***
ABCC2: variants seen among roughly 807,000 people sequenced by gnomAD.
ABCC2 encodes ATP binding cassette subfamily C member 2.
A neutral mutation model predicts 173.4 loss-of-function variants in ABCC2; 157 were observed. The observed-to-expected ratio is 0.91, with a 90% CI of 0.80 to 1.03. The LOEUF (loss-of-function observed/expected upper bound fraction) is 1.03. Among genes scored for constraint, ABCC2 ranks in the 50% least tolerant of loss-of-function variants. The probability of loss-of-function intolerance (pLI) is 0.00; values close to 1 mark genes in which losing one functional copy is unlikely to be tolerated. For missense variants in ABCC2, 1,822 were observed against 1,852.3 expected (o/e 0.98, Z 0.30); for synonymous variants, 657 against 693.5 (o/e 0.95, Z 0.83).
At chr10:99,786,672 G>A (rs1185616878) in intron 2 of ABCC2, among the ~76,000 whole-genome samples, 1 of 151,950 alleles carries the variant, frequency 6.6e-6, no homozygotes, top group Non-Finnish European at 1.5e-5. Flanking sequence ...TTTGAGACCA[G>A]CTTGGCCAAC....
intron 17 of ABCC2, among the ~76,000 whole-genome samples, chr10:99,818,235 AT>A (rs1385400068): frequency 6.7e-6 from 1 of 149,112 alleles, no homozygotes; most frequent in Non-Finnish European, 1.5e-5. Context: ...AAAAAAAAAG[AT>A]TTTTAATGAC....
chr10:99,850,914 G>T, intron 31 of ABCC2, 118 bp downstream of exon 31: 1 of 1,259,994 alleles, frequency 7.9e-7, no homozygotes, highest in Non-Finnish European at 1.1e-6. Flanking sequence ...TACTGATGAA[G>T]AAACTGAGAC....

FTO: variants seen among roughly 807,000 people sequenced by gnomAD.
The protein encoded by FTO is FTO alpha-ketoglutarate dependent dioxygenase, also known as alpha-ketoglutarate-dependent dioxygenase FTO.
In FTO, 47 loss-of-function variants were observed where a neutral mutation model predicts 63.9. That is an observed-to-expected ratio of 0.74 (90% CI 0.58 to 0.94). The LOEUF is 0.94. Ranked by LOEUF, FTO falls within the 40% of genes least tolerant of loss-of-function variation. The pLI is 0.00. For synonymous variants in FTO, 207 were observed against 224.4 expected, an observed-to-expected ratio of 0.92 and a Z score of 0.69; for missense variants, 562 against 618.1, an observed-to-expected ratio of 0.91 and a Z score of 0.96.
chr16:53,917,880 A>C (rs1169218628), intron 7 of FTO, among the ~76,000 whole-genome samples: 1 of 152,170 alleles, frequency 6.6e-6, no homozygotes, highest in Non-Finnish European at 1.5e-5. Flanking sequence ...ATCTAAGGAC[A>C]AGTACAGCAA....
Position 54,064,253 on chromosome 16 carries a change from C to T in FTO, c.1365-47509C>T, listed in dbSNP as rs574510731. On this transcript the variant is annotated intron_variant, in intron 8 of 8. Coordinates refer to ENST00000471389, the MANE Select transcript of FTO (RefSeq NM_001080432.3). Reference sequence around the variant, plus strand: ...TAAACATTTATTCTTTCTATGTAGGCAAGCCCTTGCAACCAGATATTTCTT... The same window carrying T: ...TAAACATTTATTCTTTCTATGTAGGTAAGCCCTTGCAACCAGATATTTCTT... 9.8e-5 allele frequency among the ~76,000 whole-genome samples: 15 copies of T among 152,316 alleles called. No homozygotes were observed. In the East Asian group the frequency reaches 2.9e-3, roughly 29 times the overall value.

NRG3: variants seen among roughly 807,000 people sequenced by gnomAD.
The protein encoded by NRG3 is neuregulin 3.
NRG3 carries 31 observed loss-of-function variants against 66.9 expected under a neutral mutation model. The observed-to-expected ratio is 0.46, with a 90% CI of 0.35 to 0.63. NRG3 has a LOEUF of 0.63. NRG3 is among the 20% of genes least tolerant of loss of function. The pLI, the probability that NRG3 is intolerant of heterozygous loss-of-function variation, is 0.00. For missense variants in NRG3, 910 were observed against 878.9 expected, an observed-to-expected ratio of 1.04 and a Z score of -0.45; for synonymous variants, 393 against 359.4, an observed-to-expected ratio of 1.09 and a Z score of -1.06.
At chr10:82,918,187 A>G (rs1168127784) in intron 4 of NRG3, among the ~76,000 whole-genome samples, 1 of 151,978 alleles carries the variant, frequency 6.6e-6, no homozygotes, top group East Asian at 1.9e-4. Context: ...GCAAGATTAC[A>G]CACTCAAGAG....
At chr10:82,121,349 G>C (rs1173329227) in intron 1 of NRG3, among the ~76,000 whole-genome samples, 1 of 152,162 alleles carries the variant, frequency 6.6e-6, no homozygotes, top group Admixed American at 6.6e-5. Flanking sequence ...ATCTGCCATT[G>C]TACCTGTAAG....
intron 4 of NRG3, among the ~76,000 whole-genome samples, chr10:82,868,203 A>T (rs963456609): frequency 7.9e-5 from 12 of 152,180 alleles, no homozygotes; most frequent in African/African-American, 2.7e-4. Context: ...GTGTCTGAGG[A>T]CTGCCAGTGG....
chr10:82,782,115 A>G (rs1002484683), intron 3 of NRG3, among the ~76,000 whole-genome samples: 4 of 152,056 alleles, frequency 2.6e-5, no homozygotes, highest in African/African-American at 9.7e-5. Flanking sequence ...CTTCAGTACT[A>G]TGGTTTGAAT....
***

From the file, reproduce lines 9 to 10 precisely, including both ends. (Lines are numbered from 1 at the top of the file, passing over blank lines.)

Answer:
In FTO, 47 loss-of-function variants were observed where a neutral mutation model predicts 63.9. That is an observed-to-expected ratio of 0.74 (90% CI 0.58 to 0.94). The LOEUF is 0.94. Ranked by LOEUF, FTO falls within the 40% of genes least tolerant of loss-of-function variation. The pLI is 0.00. For synonymous variants in FTO, 207 were observed against 224.4 expected, an observed-to-expected ratio of 0.92 and a Z score of 0.69; for missense variants, 562 against 618.1, an observed-to-expected ratio of 0.91 and a Z score of 0.96.
chr16:53,917,880 A>C (rs1169218628), intron 7 of FTO, among the ~76,000 whole-genome samples: 1 of 152,170 alleles, frequency 6.6e-6, no homozygotes, highest in Non-Finnish European at 1.5e-5. Flanking sequence ...ATCTAAGGAC[A>C]AGTACAGCAA....